- The Washington Times - Monday, September 23, 2002

OXFORD, Miss. (AP) James Meredith says he didn't pay much attention to the riot that erupted around him four decades ago when he became the first black man to enroll at the University of Mississippi.
Now he wants little to do with the events marking the anniversary of his arrival celebrated as a landmark of the civil rights movement.
"It was an embarrassment for me to be there, and for somebody to celebrate it, oh my God," says Mr. Meredith, 69. "I want to go down in history, and have a bunch of things named after me, but believe me that ain't it."
Mr. Meredith didn't consider himself a civil rights crusader when he arrived on campus 40 years ago, escorted by federal troops called out by President Kennedy as hundreds of angry whites hurled bricks, rocks, pop bottles and epithets.
"It was of no concern to me, basically," Mr. Meredith recalls. "Long before that I had accomplished my goal of forcing the federal government to use the U.S. military to assert my rights as a citizen."
He says he was not a part of the civil rights movement. He defines his 1962 effort as an assault on "white supremacy."
"Nothing could be more insulting to me than the concept of civil rights. It means perpetual second-class citizenship for me and my kind," he says.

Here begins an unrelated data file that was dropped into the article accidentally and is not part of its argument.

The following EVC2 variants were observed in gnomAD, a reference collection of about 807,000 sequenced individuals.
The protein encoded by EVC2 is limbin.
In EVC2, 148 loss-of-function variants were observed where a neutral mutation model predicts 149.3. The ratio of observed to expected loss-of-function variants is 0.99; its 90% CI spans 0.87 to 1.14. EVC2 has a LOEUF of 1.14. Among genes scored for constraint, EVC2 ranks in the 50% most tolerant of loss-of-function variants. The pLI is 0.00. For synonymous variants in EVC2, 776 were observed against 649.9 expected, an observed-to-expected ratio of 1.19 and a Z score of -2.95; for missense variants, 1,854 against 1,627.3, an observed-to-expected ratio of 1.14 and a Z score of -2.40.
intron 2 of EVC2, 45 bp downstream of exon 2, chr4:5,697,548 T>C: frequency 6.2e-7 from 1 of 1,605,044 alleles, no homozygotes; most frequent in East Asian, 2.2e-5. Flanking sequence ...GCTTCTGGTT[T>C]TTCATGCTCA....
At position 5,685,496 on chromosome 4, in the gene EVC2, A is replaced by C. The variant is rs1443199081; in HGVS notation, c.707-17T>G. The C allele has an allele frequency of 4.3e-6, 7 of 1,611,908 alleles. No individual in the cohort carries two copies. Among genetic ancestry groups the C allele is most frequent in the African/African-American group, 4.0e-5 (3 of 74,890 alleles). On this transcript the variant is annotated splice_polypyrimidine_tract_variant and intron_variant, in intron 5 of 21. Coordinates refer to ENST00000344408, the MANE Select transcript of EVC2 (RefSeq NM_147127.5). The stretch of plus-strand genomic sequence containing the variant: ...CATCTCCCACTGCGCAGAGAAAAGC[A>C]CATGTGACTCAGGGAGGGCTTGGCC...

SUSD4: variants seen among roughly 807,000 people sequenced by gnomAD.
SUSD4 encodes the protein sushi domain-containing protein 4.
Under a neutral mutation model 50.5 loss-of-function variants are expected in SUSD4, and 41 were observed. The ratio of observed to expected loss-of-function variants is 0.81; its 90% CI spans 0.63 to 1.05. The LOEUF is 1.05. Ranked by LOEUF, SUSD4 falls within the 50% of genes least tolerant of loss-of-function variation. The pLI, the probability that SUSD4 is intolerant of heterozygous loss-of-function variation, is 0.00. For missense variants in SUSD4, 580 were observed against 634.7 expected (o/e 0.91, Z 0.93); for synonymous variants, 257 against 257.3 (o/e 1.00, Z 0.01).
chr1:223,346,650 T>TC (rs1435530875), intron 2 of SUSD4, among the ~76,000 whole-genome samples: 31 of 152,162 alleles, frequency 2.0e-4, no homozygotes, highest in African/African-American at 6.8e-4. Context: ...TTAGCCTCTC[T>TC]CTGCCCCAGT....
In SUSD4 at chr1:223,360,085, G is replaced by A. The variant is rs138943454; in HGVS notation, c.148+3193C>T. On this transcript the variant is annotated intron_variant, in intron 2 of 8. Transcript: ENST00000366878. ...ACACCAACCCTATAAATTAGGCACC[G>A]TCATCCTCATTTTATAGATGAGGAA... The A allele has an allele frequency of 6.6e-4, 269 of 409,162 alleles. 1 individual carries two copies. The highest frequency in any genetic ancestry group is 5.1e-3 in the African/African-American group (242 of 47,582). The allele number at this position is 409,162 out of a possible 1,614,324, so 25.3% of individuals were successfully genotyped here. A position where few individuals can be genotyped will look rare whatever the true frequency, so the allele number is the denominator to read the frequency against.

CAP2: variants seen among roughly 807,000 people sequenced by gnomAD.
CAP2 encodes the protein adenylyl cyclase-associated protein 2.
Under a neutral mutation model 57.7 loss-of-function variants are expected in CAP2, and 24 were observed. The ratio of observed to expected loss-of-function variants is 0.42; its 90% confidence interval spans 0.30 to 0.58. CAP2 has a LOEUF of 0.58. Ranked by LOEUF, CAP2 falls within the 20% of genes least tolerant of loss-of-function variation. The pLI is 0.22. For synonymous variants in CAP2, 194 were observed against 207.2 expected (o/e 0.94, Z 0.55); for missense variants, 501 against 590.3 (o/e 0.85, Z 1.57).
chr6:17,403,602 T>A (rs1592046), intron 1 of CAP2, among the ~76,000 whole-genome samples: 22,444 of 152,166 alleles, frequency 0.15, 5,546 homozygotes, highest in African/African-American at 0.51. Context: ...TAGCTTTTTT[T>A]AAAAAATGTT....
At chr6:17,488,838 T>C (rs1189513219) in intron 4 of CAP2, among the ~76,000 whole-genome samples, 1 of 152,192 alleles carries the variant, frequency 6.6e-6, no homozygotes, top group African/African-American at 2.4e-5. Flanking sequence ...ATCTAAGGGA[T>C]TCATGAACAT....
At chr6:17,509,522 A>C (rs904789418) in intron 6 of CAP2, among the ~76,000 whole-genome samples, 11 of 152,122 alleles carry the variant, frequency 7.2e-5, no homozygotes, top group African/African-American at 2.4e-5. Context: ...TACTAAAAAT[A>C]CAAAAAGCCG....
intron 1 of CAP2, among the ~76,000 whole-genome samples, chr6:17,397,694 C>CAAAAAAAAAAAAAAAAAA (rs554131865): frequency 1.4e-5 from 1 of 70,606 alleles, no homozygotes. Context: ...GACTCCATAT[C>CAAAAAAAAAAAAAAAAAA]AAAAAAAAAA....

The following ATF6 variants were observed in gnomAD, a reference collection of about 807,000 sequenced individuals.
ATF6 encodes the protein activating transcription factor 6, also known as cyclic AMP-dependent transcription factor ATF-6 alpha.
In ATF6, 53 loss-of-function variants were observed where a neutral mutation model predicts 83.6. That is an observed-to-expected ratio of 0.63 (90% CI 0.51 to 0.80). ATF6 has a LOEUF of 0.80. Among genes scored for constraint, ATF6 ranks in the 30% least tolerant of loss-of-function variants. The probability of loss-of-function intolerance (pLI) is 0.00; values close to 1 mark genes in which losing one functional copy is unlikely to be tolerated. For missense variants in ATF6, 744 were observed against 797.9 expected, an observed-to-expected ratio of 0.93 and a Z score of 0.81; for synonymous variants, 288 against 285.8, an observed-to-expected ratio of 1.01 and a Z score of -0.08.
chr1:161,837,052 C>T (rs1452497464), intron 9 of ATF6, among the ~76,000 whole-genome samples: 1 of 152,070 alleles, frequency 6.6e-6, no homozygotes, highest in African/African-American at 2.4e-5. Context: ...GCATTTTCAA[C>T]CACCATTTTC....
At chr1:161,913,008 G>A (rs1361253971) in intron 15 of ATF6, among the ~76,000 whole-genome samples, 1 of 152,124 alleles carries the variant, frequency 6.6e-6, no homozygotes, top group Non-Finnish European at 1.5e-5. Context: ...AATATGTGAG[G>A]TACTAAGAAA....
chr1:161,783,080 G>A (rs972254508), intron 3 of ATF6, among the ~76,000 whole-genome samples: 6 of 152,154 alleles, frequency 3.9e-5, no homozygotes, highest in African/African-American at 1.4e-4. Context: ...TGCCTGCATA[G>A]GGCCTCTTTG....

His actions since then have left many puzzled. He endorsed Gov. Ross Barnett's re-election bid in 1967, five years after Mr. Barnett physically blocked him from registering at Ole Miss. In 1989, he joined for 18 months the staff of Sen. Jesse Helms, North Carolina Republican. He says it was a way to get access to records in the Library of Congress.
Still, most agree that Mr. Meredith's arrival at Ole Miss was the beginning of the end of segregation in the state.
University of Mississippi instructor Curtis Wilkie says the Meredith desegregation was much more than it appeared at the time. It led to the desegregation of public schools and, after the Civil Rights Act, the desegregation of public accommodations.
"Ole Miss was the most powerful institution in the state, no question," Mr. Wilkie says. "Once segregation fell at Ole Miss, it was almost like conquering the highest mountain. We owe a lot to him."
University of Mississippi Chancellor Robert Khayat calls this year's commemoration a time for the school to embrace its past and learn from it.
The yearlong commemoration, dubbed "Open Doors: Building on 40 Years of Opportunity in Higher Education," includes an oral history of the university, various symposiums, the April unveiling of a $130,000 civil rights memorial and a reunion of the federal marshals. It culminates in September 2003 with an international conference on race.
"I think looking back over time gives each of us an opportunity to appreciate more fully the magnitude of the event," says Mr. Khayat, who received his undergraduate degree from the University of Mississippi two years before the riot. "We're able to see the negative impact it's had on the university, and we're also able to turn that negative into a positive."
Mr. Meredith, who says he's now in the used-car business in Jackson, has agreed to attend the Oct. 1 Anniversary Day ceremony, which marks the date he registered after a day of rioting. But he says he will not be present for the dedication of the ground where the civil rights memorial will be erected.
His ties to the university continue through his son, Joseph, who graduated earlier this year as the top doctoral student in the business school. Today, nearly 13 percent of the university's students are black.

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